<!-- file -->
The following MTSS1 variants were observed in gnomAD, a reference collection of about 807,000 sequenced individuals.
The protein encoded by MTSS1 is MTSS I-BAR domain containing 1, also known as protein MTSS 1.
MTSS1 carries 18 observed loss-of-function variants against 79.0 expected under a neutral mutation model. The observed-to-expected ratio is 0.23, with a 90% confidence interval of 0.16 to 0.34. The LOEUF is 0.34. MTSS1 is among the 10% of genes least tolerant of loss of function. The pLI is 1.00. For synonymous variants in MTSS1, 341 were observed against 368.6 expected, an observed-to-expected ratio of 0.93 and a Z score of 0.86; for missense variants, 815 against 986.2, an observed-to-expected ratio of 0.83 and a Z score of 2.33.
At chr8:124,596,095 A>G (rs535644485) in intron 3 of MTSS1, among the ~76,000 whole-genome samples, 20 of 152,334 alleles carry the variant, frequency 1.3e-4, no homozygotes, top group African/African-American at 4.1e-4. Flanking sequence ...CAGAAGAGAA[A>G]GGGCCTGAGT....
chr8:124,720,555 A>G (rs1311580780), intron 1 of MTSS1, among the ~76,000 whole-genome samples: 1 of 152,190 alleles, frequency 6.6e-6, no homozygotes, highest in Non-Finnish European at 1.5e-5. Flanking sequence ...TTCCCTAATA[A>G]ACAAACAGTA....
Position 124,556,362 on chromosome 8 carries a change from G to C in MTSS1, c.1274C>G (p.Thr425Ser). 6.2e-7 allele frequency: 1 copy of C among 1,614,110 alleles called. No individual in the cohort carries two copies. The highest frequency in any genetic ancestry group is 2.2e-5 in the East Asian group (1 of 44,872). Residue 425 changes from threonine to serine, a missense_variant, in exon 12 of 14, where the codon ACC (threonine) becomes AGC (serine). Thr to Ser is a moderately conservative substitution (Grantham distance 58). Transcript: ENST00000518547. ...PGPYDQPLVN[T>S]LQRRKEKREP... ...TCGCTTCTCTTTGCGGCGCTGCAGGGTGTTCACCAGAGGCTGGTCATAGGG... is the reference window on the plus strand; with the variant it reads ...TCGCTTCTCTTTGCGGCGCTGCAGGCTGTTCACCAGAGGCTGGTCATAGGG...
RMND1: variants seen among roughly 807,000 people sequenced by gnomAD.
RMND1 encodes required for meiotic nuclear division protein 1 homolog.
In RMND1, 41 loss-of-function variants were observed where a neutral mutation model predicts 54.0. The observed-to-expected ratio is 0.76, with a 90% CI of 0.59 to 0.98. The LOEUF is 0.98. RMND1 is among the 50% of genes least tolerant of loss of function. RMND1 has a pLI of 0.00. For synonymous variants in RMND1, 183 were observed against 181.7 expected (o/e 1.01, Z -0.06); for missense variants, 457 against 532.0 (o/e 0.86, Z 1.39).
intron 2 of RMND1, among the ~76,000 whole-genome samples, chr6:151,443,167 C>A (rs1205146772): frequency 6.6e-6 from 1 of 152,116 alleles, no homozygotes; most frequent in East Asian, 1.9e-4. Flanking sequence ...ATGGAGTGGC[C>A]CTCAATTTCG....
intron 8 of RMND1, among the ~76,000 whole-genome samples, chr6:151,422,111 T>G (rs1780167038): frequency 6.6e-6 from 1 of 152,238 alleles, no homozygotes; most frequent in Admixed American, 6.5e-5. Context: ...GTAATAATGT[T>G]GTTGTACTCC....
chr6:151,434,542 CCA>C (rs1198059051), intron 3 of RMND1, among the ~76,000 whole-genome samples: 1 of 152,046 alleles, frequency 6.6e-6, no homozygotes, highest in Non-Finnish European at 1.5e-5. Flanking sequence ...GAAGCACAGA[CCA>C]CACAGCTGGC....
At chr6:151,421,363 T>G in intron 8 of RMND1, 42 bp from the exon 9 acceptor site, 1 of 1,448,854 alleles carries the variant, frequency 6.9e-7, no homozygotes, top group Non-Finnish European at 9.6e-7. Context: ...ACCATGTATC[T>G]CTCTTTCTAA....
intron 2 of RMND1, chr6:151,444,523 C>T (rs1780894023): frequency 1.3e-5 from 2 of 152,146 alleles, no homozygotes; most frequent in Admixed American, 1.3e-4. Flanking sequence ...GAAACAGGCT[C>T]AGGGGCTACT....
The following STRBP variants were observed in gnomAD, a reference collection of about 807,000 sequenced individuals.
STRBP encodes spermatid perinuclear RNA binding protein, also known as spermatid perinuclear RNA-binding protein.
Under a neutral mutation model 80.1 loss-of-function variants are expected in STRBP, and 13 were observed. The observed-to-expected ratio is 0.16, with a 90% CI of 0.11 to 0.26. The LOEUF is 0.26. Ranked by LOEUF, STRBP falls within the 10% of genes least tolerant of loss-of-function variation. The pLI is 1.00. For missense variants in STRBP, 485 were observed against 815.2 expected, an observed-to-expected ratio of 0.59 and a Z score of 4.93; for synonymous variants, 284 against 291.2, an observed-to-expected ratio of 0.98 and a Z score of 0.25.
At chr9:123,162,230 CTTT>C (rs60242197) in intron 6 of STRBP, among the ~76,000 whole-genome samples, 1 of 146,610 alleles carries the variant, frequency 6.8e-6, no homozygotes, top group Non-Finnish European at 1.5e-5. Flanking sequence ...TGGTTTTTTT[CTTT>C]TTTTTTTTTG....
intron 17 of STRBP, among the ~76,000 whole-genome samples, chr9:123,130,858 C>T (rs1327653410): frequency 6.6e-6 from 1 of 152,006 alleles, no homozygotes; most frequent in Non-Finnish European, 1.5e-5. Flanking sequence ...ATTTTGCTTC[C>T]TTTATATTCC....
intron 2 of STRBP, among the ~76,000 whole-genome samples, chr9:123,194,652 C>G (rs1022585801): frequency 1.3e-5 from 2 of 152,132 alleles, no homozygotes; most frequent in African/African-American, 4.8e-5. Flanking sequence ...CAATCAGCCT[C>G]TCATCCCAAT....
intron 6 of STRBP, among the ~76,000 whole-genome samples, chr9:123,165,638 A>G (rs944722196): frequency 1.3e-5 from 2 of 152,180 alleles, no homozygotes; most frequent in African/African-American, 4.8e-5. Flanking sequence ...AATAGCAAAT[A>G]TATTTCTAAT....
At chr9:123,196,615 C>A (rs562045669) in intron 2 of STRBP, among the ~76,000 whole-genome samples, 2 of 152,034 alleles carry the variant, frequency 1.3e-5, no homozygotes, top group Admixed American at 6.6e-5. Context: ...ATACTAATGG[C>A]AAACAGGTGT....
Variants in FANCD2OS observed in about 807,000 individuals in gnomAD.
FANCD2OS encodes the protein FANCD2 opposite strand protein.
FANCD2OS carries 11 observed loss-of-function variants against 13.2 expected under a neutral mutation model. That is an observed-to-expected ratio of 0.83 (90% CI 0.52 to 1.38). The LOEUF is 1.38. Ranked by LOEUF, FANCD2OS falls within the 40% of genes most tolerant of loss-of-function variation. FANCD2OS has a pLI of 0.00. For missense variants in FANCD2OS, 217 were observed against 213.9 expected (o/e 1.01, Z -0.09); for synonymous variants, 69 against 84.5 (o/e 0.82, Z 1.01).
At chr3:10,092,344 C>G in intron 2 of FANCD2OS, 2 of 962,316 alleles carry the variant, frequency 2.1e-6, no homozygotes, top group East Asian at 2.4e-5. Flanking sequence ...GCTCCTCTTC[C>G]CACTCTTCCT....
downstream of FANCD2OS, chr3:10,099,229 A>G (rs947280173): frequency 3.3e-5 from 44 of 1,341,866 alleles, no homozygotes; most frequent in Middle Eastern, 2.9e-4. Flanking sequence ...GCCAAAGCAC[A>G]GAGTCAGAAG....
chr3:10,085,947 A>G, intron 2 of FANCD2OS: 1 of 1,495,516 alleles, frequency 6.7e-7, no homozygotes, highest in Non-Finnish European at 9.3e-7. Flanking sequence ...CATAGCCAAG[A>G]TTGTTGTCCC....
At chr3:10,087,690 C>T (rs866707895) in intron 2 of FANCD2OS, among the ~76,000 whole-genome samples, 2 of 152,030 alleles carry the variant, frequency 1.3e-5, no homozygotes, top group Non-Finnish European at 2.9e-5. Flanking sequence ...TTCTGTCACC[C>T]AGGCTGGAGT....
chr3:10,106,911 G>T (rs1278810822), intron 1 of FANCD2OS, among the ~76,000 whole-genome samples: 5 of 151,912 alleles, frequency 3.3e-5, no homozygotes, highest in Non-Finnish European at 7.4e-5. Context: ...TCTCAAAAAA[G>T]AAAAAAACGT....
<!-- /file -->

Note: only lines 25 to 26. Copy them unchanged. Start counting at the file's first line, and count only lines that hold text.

FANCD2OS carries 11 observed loss-of-function variants against 13.2 expected under a neutral mutation model. That is an observed-to-expected ratio of 0.83 (90% CI 0.52 to 1.38). The LOEUF is 1.38. Ranked by LOEUF, FANCD2OS falls within the 40% of genes most tolerant of loss-of-function variation. FANCD2OS has a pLI of 0.00. For missense variants in FANCD2OS, 217 were observed against 213.9 expected (o/e 1.01, Z -0.09); for synonymous variants, 69 against 84.5 (o/e 0.82, Z 1.01).
At chr3:10,092,344 C>G in intron 2 of FANCD2OS, 2 of 962,316 alleles carry the variant, frequency 2.1e-6, no homozygotes, top group East Asian at 2.4e-5. Flanking sequence ...GCTCCTCTTC[C>G]CACTCTTCCT....